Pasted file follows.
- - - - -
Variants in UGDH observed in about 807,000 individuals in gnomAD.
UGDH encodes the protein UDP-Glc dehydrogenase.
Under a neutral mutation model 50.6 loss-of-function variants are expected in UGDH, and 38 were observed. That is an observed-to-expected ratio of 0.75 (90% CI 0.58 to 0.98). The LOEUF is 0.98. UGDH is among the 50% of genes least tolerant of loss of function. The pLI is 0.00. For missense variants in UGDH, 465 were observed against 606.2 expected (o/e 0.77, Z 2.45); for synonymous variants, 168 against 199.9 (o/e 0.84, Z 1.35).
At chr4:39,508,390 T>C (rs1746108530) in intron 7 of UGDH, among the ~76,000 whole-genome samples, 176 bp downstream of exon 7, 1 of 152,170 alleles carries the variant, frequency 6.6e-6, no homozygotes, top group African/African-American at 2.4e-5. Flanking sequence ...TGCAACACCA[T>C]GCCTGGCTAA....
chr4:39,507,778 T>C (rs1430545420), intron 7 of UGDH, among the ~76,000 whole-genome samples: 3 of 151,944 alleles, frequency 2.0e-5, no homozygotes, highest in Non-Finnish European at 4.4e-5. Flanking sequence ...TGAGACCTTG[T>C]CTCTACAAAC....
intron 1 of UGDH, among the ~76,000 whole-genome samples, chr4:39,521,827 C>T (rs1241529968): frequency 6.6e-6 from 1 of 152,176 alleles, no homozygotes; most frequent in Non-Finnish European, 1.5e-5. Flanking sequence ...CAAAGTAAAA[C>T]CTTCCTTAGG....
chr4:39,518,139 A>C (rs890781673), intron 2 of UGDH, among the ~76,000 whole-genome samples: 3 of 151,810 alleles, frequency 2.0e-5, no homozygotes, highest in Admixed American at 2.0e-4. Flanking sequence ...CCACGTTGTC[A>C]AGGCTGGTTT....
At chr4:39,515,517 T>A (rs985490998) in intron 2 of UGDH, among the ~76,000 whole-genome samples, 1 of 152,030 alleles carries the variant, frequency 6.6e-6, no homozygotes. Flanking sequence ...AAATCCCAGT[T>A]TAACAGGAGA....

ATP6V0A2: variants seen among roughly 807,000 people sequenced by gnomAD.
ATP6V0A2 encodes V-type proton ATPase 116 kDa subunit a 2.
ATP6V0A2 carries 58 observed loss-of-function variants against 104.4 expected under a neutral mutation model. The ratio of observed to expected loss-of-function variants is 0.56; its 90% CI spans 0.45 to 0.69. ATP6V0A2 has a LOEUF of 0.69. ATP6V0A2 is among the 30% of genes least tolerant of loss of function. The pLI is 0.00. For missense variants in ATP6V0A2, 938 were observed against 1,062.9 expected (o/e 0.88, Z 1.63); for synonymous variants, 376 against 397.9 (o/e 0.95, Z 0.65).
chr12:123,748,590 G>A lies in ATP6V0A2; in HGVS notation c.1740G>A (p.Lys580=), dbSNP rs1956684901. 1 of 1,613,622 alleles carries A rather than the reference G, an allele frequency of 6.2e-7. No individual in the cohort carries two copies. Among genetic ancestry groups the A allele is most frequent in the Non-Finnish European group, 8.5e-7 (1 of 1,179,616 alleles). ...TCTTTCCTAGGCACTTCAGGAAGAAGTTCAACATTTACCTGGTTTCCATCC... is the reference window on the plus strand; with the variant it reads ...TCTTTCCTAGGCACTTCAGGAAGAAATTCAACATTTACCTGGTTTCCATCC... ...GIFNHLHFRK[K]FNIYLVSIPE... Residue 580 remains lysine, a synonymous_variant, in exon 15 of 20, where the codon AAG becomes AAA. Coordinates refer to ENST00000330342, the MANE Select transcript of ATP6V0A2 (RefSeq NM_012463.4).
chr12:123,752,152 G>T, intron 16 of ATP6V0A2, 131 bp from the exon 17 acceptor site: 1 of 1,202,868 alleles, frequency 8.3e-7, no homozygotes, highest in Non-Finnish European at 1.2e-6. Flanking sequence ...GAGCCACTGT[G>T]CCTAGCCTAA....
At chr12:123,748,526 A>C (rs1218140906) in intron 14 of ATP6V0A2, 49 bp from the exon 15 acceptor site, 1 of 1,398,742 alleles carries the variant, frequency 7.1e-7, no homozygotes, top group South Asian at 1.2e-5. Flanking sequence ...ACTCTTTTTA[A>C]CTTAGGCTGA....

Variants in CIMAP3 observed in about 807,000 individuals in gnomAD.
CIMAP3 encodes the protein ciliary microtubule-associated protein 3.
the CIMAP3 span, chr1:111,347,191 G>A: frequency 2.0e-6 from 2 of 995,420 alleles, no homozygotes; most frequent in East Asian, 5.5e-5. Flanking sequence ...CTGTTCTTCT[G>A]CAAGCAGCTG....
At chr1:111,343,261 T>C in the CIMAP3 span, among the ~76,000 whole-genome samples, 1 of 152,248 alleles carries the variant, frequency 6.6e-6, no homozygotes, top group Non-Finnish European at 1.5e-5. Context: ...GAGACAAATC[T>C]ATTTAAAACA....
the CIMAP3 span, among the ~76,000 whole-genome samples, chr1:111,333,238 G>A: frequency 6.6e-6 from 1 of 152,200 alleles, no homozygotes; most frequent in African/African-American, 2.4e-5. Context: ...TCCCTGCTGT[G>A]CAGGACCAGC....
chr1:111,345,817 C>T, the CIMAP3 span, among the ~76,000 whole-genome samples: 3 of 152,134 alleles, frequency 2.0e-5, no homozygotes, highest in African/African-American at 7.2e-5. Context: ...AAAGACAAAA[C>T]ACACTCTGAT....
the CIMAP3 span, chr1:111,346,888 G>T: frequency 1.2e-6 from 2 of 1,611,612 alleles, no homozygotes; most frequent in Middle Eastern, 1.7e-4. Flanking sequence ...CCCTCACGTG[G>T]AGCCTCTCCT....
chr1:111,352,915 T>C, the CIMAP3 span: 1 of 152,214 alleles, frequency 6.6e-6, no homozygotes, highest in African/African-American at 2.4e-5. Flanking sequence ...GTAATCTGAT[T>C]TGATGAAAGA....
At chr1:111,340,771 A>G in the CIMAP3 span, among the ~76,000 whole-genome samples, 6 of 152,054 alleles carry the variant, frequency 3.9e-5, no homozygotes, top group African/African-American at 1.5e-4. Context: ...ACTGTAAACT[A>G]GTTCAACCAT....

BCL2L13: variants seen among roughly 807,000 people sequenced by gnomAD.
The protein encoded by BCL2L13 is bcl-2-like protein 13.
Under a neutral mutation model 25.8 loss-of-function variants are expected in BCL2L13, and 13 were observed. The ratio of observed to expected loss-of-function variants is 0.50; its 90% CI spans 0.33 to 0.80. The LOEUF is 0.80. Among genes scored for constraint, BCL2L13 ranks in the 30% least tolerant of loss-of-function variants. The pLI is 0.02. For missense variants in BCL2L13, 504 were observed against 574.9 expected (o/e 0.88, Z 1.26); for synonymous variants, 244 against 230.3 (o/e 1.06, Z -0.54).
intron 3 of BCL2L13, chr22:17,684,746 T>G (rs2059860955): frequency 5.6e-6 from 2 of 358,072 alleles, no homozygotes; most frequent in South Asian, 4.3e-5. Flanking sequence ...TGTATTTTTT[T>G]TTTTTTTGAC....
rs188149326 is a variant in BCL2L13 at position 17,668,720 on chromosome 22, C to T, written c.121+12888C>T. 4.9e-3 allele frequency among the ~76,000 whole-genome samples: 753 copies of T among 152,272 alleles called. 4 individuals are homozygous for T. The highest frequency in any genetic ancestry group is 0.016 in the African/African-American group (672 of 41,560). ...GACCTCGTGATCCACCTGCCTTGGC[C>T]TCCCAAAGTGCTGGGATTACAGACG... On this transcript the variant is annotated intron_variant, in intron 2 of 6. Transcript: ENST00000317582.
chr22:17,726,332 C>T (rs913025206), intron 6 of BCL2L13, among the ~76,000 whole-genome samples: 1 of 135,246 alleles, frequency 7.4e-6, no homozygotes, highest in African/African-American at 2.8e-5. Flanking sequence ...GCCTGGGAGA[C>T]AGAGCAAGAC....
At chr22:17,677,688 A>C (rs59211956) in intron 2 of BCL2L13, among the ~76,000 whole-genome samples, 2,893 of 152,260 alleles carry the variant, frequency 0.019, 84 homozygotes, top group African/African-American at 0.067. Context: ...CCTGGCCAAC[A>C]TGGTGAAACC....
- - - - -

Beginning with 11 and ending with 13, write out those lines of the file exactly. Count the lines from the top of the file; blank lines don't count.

ATP6V0A2 carries 58 observed loss-of-function variants against 104.4 expected under a neutral mutation model. The ratio of observed to expected loss-of-function variants is 0.56; its 90% CI spans 0.45 to 0.69. ATP6V0A2 has a LOEUF of 0.69. ATP6V0A2 is among the 30% of genes least tolerant of loss of function. The pLI is 0.00. For missense variants in ATP6V0A2, 938 were observed against 1,062.9 expected (o/e 0.88, Z 1.63); for synonymous variants, 376 against 397.9 (o/e 0.95, Z 0.65).
chr12:123,748,590 G>A lies in ATP6V0A2; in HGVS notation c.1740G>A (p.Lys580=), dbSNP rs1956684901. 1 of 1,613,622 alleles carries A rather than the reference G, an allele frequency of 6.2e-7. No individual in the cohort carries two copies. Among genetic ancestry groups the A allele is most frequent in the Non-Finnish European group, 8.5e-7 (1 of 1,179,616 alleles). ...TCTTTCCTAGGCACTTCAGGAAGAAGTTCAACATTTACCTGGTTTCCATCC... is the reference window on the plus strand; with the variant it reads ...TCTTTCCTAGGCACTTCAGGAAGAAATTCAACATTTACCTGGTTTCCATCC... ...GIFNHLHFRK[K]FNIYLVSIPE... Residue 580 remains lysine, a synonymous_variant, in exon 15 of 20, where the codon AAG becomes AAA. Coordinates refer to ENST00000330342, the MANE Select transcript of ATP6V0A2 (RefSeq NM_012463.4).
chr12:123,752,152 G>T, intron 16 of ATP6V0A2, 131 bp from the exon 17 acceptor site: 1 of 1,202,868 alleles, frequency 8.3e-7, no homozygotes, highest in Non-Finnish European at 1.2e-6. Flanking sequence ...GAGCCACTGT[G>T]CCTAGCCTAA....